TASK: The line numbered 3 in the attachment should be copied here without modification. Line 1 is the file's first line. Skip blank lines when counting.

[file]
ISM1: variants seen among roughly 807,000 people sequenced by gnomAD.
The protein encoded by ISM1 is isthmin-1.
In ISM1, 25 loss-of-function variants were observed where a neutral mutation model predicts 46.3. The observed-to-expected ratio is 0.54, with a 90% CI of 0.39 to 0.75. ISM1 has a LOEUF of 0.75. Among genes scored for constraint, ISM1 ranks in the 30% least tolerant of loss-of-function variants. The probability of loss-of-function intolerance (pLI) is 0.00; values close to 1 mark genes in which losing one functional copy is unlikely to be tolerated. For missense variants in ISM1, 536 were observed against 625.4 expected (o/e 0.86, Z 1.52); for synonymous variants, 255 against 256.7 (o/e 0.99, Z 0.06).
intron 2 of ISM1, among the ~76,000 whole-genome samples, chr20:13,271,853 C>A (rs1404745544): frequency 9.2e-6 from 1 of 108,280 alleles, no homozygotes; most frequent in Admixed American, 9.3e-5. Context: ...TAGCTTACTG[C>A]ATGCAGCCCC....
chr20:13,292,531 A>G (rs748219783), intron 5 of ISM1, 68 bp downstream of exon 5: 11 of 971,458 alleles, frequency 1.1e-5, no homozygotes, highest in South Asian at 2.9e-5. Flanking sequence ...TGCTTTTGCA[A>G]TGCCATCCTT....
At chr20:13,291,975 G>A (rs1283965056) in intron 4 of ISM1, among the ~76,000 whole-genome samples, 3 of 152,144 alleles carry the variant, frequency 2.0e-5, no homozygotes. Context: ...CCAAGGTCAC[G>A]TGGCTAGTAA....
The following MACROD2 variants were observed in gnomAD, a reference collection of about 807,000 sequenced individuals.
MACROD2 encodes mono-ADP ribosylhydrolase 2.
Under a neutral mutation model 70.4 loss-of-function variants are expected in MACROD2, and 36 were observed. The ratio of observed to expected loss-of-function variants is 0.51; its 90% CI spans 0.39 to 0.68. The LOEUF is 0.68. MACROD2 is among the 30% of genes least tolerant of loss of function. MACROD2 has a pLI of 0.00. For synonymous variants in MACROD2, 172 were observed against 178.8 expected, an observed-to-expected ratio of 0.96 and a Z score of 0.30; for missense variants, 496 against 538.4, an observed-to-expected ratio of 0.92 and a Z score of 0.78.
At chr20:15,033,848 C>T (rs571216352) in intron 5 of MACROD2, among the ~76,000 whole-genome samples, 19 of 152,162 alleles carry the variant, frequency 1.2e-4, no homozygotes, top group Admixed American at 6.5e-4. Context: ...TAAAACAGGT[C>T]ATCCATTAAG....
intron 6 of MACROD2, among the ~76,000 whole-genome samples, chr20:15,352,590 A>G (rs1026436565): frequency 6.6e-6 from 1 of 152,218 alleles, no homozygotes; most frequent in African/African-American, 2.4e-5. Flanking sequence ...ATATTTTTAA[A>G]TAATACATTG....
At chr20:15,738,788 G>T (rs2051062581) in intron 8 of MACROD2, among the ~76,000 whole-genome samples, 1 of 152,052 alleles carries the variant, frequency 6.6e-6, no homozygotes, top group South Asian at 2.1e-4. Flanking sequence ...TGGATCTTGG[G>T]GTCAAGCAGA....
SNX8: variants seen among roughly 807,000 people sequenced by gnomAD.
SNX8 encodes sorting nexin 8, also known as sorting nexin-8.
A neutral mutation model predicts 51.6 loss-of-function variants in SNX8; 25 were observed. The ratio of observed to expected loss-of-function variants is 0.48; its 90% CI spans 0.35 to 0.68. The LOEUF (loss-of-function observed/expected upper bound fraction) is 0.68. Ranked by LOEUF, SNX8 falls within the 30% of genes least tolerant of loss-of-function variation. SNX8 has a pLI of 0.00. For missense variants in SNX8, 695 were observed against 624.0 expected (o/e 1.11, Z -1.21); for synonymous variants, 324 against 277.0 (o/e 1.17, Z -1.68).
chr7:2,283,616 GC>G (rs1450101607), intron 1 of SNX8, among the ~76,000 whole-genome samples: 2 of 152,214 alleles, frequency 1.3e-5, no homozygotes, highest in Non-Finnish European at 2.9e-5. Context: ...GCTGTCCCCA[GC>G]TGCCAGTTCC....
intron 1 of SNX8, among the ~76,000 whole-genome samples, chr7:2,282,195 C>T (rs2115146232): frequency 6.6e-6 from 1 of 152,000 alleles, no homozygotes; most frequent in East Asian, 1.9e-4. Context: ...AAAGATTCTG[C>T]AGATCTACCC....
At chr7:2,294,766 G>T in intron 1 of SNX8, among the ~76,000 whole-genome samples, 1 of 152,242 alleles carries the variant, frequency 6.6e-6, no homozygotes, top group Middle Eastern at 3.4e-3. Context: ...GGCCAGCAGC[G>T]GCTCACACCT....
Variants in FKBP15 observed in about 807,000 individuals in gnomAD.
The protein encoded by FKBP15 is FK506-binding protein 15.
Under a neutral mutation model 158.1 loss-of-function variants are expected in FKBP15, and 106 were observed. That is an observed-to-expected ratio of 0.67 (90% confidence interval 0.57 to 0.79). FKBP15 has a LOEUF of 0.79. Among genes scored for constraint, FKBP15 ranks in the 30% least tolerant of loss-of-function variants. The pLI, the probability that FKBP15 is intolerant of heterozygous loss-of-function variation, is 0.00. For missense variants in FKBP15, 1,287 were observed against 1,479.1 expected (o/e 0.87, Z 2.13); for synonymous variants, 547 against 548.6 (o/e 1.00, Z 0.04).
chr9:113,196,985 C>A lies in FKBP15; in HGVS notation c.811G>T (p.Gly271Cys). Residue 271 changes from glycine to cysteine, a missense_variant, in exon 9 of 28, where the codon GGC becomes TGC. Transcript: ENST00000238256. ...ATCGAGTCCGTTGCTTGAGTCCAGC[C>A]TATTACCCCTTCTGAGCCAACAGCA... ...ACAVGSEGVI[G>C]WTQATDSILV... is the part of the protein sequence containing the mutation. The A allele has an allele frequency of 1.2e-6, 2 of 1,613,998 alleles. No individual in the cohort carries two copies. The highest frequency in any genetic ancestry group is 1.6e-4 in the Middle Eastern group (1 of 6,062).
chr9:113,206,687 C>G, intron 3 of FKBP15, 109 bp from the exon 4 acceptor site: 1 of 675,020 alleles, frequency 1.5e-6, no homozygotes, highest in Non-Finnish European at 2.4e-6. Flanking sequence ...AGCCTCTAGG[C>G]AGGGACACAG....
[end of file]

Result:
In ISM1, 25 loss-of-function variants were observed where a neutral mutation model predicts 46.3. The observed-to-expected ratio is 0.54, with a 90% CI of 0.39 to 0.75. ISM1 has a LOEUF of 0.75. Among genes scored for constraint, ISM1 ranks in the 30% least tolerant of loss-of-function variants. The probability of loss-of-function intolerance (pLI) is 0.00; values close to 1 mark genes in which losing one functional copy is unlikely to be tolerated. For missense variants in ISM1, 536 were observed against 625.4 expected (o/e 0.86, Z 1.52); for synonymous variants, 255 against 256.7 (o/e 0.99, Z 0.06).